By Andrew Welles
From your experience as a trainer, what are ways young riders can grow in their training if they don’t have the means to have a string of horses of their own?
Take advantage of every opportunity the sport offers you. If that’s a riding opportunity, make sure it’s with good horses that are going to be productive to your learning. It’s also important to look outside of just sitting on a horse, whether that’s walking a Grand Prix course or studying how top riders approach different questions on that course with different types of horses. Also, watch how they warm their horses up in the practice ring. If you’re watching the practice ring for the Grand Prix, go online afterwards and watch the rounds that those riders had. Take advantage of opportunities to watch top riders flat or school their horses. Soak up every bit of knowledge that you can throughout the day when you’re at the horse show or when it’s an off week training so you aren’t just relying on your one horse to get the experience that you desire.
How do you think the sport has evolved to support opportunities for young riders?
I think the U25 series is amazing and I wish they had it when I was under 25. Starting in Florida, you get the opportunity to compete under the lights, in a team event, compete on the grass field and in the main stadium. As you go throughout the summer, the U25 series at different horse shows are spaced out enough that you don’t have to have multiple horses just to do the series. I think that’s an amazing way to help young riders who want to become professionals really grow in the sport. The U.S. team has done a great job with trying to expand the base of younger riders, giving them opportunities to jump on Children’s and Juniors Nation Cup teams, and I think all of those things are springboards for future success in the sport.
How do you begin getting people to invest in you?
It doesn’t happen overnight. You first need to develop relationships and a lot of the time, those relationships come from putting yourself out there as a professional and in meeting potential investors through teaching, helping them with their horses and developing relationships. If you look at the most successful riders out there, you see that just because you ride great doesn’t mean that you’re going to get an owner. There are a lot of fantastic riders who struggle to put horses underneath themselves. Likewise, a lot of riders that you would have said weren’t the most talented growing up always have horses to ride. You need to focus on yourself and your career, especially when people invest in you. But there are a lot of riders who become so focused on their own riding that they lose sight of the bigger picture of being involved in the business and in training, expanding their relationships with people. At the end of the day, that’s the way that you build relationships that become investments in your career. The second thing is that you need to have the guts to go up and ask somebody if they would be willing to support your career. It’s always a really difficult question to ask, so be creative but courageous. If you’re too shy about it, you’ll never know what opportunity might have passed you by.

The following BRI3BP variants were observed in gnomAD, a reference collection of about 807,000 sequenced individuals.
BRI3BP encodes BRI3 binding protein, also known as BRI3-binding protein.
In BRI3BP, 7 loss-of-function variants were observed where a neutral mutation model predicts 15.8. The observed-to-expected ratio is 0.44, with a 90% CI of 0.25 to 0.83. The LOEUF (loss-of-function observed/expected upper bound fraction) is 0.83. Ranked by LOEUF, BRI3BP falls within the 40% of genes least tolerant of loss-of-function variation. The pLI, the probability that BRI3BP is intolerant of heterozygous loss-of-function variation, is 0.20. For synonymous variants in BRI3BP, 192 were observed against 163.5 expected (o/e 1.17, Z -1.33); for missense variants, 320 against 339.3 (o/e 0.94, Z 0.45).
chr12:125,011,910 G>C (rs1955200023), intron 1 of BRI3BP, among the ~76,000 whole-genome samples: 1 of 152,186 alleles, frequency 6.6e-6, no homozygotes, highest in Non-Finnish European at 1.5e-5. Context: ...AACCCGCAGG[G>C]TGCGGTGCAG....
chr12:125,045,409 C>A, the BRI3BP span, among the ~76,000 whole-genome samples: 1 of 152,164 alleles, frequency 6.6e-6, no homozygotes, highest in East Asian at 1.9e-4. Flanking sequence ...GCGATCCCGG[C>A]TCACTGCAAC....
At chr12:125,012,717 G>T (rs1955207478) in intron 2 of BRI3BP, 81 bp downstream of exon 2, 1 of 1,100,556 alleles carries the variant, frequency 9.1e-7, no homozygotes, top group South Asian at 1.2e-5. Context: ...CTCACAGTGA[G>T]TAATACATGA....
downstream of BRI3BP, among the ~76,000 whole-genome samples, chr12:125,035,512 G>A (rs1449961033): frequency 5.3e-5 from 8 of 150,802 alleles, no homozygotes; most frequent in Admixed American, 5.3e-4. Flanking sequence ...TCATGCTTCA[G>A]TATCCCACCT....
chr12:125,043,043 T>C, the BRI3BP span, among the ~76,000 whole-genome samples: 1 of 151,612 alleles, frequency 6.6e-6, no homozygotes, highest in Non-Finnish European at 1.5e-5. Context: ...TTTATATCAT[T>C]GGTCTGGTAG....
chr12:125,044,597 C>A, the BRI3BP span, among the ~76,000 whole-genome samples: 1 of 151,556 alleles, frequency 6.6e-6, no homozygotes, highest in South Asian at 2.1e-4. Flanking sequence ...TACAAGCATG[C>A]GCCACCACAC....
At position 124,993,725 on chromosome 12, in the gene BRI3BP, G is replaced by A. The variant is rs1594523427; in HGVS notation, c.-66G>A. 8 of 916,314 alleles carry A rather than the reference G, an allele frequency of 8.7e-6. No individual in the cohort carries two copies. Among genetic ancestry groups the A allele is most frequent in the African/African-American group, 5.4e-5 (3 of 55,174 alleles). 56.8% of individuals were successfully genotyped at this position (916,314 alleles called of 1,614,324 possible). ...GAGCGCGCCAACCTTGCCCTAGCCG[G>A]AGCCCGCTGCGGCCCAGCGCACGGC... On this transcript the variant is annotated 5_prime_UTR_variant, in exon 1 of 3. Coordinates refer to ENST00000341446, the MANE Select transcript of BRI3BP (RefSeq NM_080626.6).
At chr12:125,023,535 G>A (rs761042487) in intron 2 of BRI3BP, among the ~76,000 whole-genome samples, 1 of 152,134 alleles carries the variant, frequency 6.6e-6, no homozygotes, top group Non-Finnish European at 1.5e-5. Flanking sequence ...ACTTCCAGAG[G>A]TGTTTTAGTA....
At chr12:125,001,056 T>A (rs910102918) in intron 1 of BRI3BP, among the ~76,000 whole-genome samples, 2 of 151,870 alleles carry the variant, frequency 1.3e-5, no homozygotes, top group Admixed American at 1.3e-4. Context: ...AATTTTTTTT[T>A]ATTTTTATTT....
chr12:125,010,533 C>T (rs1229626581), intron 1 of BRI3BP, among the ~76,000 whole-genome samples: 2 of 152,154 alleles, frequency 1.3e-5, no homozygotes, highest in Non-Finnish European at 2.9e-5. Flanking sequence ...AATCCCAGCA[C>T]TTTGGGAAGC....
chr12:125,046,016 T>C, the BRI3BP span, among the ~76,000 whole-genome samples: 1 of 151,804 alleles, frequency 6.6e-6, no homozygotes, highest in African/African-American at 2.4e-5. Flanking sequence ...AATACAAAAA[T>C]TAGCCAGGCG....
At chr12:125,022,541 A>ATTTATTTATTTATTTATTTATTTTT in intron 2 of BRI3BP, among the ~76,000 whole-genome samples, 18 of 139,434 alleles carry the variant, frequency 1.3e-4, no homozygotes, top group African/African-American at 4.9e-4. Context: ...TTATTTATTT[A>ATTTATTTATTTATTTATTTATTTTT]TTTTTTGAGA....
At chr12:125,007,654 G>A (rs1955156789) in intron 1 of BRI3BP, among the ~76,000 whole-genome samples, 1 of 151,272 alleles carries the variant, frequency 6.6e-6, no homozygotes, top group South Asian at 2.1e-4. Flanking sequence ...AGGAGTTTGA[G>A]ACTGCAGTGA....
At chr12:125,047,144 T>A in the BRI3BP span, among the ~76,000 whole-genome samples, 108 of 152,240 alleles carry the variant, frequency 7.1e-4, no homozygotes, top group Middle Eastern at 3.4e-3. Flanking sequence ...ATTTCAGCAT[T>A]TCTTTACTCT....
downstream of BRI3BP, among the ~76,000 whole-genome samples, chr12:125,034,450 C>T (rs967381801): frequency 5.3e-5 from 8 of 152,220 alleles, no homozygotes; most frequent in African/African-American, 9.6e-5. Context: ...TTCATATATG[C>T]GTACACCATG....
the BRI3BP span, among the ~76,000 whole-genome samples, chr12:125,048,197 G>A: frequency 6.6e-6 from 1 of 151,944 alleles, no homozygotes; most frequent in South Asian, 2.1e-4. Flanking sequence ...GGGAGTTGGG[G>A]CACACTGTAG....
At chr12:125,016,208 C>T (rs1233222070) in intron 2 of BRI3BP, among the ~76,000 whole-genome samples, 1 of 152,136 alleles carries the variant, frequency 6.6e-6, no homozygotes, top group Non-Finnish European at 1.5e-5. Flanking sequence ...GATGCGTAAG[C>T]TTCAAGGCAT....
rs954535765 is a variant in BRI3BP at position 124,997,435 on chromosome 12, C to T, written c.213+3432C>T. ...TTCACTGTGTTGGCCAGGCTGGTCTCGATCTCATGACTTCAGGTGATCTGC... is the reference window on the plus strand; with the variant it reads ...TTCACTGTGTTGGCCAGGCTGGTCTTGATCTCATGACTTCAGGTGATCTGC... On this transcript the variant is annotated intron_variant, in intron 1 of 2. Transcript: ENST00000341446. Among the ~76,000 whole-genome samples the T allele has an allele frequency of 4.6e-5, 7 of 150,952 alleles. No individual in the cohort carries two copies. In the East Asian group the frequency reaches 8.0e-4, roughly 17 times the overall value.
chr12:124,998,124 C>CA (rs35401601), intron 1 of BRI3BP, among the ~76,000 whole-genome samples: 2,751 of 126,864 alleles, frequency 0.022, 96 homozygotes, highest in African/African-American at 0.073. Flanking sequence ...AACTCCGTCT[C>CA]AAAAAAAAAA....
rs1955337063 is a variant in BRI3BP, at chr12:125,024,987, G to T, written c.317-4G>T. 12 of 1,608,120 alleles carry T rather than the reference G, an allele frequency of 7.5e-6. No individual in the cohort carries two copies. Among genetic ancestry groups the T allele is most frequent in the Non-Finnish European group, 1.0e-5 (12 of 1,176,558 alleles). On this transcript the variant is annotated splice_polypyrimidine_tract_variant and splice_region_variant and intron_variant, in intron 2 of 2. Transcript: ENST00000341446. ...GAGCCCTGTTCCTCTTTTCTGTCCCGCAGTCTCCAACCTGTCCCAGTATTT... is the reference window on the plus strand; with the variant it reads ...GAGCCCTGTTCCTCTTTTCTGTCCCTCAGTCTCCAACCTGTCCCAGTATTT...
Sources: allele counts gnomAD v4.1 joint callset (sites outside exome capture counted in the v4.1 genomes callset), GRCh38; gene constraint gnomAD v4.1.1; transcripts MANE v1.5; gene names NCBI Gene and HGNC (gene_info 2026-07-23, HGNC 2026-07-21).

What advice would you give to a young rider who is looking to make a name for themselves — whether to get catch rides or to gain traction in the community?
If you have a professional who is really looking out for you and your development, believe in that professional. Have honest discussions about your goals in the sport and in the business. Utilize them to help you network and expand your opportunities. I see so many riders who bounce around from one opportunity to the next, going from professional to professional, and at the end of the day they haven’t built a solid base for themselves. Sometimes, working consistently with a professional who has your back and who has your best interest in mind really pays its dividends.
Andrew Welles and the Itasca Group’s 8-year-old Idol H&H.
Photo by Four Oaks Creative
Originally from Minneapolis, Minnesota, Andrew Welles developed his passion for horses at a young age. Andrew grew up in the sport, training under renowned equestrians Missy Clark and Chris Kappler. As a junior, he produced top results in the equitation ring before entering the international show jumping scene in 2008. Andrew has produced top three results in many of the top Grand Prix on the tour including the Grand Prix of Devon, the ATCO Power Queen Elizabeth ll Cup, the Hampton Classic Grand Prix, the Grand Prix of Miami Beach, the Mary Rena Murphy Grand Prix in Lexington, the 5* Governors Cup in Tryon and throughout multiple weeks of the Winter Equestrian Festival. He now owns and operates Team Welles, a training and sales operation out of Wellington, Florida, with his wife, Alexandra.